The restoration of euglycemia after intraportal islet transplantation remains short-lived, requires islets from multiple donors, and necessitates life-long immunosuppressive therapy. In this thesis we propose different bioengineering strategies to improve islet transplantation outcome. In chapter 2 and 3 we describe the development and characterization of a microwell scaffold platform for extrahepatic islet transplantation. In chapter 2 the concept of the microwell design is introduced. We have shown that human islets cultured in this platform for seven days exhibit an insulin secretion profile and insulin content comparable to those of free-floating control islets. Chapter 3 explores three different fabrication methods to introduce pores in the microwell scaffold platform: particulate leaching, solvent casting on pillared wafers, and laser drilling. Methods were evaluated for pore size and geometry, reproducibility and flexibility, and the form and stability of the final construct. Transplantation studies in the epididymal fat elucidate the potential of this porous scaffold platform to restore blood glucose levels in a diabetic mouse model. However, we do observe a significant decrease in beta-cell density and a changed vascularization pattern in scaffold-implanted islets compared to native pancreatic islets, which, we hypothesize, are indications for delayed revascularization. Therefore, we explore in chapter 4 the potential of composite islets with different proangiogenic cell types to improve islet revascularization after transplantation. Here, we demonstrate that composite islets with hMSCs and HUVECs exhibit a higher in vivo angiogenic potential compared with uncoated islets or islets combined with hMSCs or pre-conditioned hMSCs in EGM-2 medium. In chapter 5, we propose a method to monitor non-invasively beta-cell survival after islet transplantation. For this, we describe the use of radiolabelled exendin-3, which specifically targets pancreatic β-cells. We demonstrate that the uptake of 111In-exendin-3 in scaffold-implanted islets could be clearly visualized on ex vivo SPECT scans, with histology and autoradiography studies showing vascularized islets with specific tracer uptake in β-cell regions. Provided that tracer uptake can also be determined in vivo, this presents a viable method to monitor the influence of native and engineered transplantation sites on long-term β-cell survival.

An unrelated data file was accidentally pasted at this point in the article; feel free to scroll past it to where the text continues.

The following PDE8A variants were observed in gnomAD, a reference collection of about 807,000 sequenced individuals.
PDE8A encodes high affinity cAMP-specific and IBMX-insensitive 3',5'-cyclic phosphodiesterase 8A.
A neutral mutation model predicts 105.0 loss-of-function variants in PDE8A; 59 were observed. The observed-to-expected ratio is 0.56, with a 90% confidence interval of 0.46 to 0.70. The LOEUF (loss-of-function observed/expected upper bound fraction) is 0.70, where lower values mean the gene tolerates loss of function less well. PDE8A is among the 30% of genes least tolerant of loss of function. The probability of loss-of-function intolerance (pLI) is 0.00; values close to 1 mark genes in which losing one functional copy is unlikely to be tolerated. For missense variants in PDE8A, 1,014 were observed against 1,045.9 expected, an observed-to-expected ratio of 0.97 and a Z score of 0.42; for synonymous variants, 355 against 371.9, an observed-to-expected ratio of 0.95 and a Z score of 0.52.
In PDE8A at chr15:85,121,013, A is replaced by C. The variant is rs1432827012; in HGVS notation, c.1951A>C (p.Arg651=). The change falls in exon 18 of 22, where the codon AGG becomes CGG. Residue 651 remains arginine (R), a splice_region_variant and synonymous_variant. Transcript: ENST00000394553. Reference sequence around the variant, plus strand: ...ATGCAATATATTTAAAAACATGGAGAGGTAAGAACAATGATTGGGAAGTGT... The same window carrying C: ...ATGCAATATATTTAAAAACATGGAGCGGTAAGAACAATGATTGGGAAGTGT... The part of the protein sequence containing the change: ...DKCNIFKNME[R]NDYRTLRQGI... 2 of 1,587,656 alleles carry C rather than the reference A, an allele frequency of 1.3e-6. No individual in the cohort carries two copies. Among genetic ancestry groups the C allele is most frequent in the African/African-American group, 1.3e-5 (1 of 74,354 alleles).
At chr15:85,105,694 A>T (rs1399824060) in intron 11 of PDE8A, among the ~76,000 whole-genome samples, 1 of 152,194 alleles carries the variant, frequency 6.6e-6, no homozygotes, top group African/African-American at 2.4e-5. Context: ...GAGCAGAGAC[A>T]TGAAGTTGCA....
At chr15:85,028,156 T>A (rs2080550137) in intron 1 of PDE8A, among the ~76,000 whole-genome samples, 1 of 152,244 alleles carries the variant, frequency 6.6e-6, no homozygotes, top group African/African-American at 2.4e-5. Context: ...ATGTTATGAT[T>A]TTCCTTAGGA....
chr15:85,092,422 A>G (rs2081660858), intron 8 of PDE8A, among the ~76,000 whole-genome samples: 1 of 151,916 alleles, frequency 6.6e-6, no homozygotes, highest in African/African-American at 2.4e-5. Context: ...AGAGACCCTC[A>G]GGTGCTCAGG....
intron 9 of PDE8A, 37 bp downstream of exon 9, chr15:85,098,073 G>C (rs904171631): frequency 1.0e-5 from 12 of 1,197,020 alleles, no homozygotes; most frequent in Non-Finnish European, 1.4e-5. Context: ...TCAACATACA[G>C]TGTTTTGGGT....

|Award date||30 Oct 2015|
|Place of Publication||Enschede|
|Publication status||Published - 30 Oct 2015|